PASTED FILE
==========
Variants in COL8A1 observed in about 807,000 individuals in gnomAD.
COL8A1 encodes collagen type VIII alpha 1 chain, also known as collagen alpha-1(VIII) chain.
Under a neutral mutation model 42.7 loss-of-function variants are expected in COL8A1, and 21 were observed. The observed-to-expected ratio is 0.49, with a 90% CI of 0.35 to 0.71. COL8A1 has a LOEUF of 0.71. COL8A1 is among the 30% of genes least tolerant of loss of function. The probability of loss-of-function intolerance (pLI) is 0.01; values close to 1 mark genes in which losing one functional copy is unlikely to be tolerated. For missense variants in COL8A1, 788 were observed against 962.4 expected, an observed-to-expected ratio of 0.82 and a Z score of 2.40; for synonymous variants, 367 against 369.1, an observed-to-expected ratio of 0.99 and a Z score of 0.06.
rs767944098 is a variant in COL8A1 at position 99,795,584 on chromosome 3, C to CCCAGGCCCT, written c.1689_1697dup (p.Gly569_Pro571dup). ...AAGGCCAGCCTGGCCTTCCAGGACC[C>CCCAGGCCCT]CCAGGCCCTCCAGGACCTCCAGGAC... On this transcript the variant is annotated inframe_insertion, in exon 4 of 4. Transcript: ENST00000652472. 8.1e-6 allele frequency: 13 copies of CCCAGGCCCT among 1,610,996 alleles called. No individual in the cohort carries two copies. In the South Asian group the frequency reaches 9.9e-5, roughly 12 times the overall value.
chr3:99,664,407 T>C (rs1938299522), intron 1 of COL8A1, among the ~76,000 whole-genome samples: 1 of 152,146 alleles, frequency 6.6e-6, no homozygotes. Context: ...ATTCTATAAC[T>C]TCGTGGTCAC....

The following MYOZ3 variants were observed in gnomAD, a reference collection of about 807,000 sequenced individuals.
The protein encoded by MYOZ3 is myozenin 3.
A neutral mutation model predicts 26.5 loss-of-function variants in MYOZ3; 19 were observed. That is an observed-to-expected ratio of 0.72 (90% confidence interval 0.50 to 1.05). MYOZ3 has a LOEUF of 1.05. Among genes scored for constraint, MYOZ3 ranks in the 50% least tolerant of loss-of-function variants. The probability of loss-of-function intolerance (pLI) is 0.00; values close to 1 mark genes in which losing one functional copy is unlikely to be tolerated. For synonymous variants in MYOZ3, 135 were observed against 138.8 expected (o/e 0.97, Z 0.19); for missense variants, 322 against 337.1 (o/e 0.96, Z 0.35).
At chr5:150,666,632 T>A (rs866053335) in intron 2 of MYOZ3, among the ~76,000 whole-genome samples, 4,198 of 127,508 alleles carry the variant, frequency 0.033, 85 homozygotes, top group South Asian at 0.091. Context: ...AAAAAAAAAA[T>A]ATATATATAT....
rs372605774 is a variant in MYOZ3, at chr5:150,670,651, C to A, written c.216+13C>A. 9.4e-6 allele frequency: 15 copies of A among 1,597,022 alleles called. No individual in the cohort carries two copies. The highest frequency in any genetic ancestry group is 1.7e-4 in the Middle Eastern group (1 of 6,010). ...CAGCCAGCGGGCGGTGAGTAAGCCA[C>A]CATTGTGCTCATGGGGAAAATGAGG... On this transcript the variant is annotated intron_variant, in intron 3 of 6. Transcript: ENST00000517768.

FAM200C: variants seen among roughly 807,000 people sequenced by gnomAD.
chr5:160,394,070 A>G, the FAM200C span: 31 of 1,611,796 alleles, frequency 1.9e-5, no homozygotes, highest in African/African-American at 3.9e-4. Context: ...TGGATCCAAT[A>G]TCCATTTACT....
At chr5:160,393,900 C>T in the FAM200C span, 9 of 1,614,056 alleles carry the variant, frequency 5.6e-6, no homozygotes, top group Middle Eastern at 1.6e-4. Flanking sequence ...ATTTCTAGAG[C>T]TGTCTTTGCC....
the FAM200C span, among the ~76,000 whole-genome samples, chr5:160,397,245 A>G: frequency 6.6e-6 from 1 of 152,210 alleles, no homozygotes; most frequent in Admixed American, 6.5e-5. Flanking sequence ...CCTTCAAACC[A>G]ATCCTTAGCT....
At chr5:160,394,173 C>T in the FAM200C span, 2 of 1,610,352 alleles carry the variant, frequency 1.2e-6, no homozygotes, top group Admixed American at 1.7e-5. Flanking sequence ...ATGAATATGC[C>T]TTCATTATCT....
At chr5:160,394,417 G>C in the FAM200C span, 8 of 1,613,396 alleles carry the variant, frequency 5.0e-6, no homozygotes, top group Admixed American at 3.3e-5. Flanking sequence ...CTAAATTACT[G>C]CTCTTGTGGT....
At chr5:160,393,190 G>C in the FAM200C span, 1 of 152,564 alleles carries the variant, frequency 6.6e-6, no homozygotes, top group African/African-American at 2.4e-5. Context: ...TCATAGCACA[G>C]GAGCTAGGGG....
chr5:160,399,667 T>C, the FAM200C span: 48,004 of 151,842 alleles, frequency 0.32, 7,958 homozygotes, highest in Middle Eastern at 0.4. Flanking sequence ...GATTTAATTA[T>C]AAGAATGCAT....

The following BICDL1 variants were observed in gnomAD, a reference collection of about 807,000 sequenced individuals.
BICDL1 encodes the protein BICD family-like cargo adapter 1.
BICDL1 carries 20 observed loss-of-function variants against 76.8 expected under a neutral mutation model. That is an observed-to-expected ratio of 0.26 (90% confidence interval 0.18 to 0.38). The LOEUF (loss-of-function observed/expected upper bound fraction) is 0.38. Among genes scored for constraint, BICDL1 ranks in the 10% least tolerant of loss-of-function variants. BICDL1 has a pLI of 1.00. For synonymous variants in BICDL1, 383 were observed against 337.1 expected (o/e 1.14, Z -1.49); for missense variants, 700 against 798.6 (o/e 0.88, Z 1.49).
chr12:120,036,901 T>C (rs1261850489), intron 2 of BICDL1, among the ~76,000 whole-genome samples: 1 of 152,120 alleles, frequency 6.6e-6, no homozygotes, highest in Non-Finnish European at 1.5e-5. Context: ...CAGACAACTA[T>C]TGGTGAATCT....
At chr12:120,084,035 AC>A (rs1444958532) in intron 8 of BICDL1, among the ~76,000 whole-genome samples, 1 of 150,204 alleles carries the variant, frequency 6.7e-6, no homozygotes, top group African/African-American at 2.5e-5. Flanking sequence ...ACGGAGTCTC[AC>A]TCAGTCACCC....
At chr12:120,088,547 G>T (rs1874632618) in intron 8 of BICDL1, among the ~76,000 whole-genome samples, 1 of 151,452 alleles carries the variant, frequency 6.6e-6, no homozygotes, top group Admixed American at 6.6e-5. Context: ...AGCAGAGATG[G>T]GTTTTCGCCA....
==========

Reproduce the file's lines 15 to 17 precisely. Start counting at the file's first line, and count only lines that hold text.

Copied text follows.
At chr5:160,394,173 C>T in the FAM200C span, 2 of 1,610,352 alleles carry the variant, frequency 1.2e-6, no homozygotes, top group Admixed American at 1.7e-5. Flanking sequence ...ATGAATATGC[C>T]TTCATTATCT....
At chr5:160,394,417 G>C in the FAM200C span, 8 of 1,613,396 alleles carry the variant, frequency 5.0e-6, no homozygotes, top group Admixed American at 3.3e-5. Flanking sequence ...CTAAATTACT[G>C]CTCTTGTGGT....
At chr5:160,393,190 G>C in the FAM200C span, 1 of 152,564 alleles carries the variant, frequency 6.6e-6, no homozygotes, top group African/African-American at 2.4e-5. Context: ...TCATAGCACA[G>C]GAGCTAGGGG....